On the Value of Robots in Manufacturing Facilities

“Robots have changed the landscape of manufacturing facilities quite a bit in the fact that they can change to different products much faster and much easier. They can save on energy. With robots energy consumption can now be reduced because of the fact that you don't need quite as many gizmos if you will, to do the same operation that you can do with much less equipment.”

On The Importance of Robots in the Beauty Industry

“In the beauty industry, as you know, there are powders and liquids and they need to get into containers, and they need caps to put on the containers. In this industry, I've gotten to see it go from basically the capper and the filler on a conveyor and a lot of people on the end of the line trying to fill cases up as quickly as they can to what we'll now call hard automation, which is more of a pick and place and statically driven. With those old systems in place, the changeover could take hours, because the next product may need a different type or size of gripper.

Now there are automated lines that will change their product on the fly… you can start introducing the new product, and there will be sensors, cameras, and fixturing, that the robots will self-change over. The robot can go and get a different head that it needs that's in a fixture, it knows where that is, it'll go and acquire that itself, come back to its pick or place position, wait for the new product to show up, and start packaging that product. So it's really come a long way in just what I've gotten to witness in the past 20 years.”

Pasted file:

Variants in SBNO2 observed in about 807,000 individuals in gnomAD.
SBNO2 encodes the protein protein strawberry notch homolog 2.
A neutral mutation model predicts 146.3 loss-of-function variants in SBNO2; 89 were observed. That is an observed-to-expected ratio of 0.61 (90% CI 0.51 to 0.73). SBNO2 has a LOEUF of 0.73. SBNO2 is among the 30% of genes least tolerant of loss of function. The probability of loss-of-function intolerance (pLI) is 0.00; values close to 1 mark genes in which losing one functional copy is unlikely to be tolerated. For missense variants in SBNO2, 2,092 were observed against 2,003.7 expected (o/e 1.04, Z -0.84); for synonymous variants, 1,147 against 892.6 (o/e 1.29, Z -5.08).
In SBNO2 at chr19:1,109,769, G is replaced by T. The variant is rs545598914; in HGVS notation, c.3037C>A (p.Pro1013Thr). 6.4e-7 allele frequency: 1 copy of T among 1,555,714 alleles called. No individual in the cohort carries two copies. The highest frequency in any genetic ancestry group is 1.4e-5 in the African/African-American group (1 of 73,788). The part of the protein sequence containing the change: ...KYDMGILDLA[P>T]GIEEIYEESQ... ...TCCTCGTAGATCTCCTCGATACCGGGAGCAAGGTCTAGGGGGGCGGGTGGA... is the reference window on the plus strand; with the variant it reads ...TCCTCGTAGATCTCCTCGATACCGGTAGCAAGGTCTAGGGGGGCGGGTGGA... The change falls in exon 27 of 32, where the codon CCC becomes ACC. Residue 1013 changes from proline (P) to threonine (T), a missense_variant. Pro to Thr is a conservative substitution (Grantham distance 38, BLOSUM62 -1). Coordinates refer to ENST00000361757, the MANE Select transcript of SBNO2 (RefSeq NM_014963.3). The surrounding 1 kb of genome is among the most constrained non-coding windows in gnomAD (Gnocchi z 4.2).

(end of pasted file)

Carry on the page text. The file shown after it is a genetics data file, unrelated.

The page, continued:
On Automation vs. Robotics

“Automation is more of a big umbrella if you will, which robotics lives under. Automation can be anything from the equipment that we're speaking about to your email right now, your Outlook 365 is using, you can use automation with that and automatically sort your emails. Automation and robotics go hand in hand. You're automating the robots is what you are doing. You are maybe bringing in different conveyors and different devices, cameras, labelers, and inkjet printers, and then use the robot to perform functions with those devices… In general, the automation and robotics have allowed companies to utilize their workers and produce more products. As we have more people on our planet now, we require more products at the end of the line. So automation and robotics allow you to get more of the quantity at the quality you were expecting off of the end of that line and It also keeps workers out of harm's way.”

On Collaboration between Humans and Robots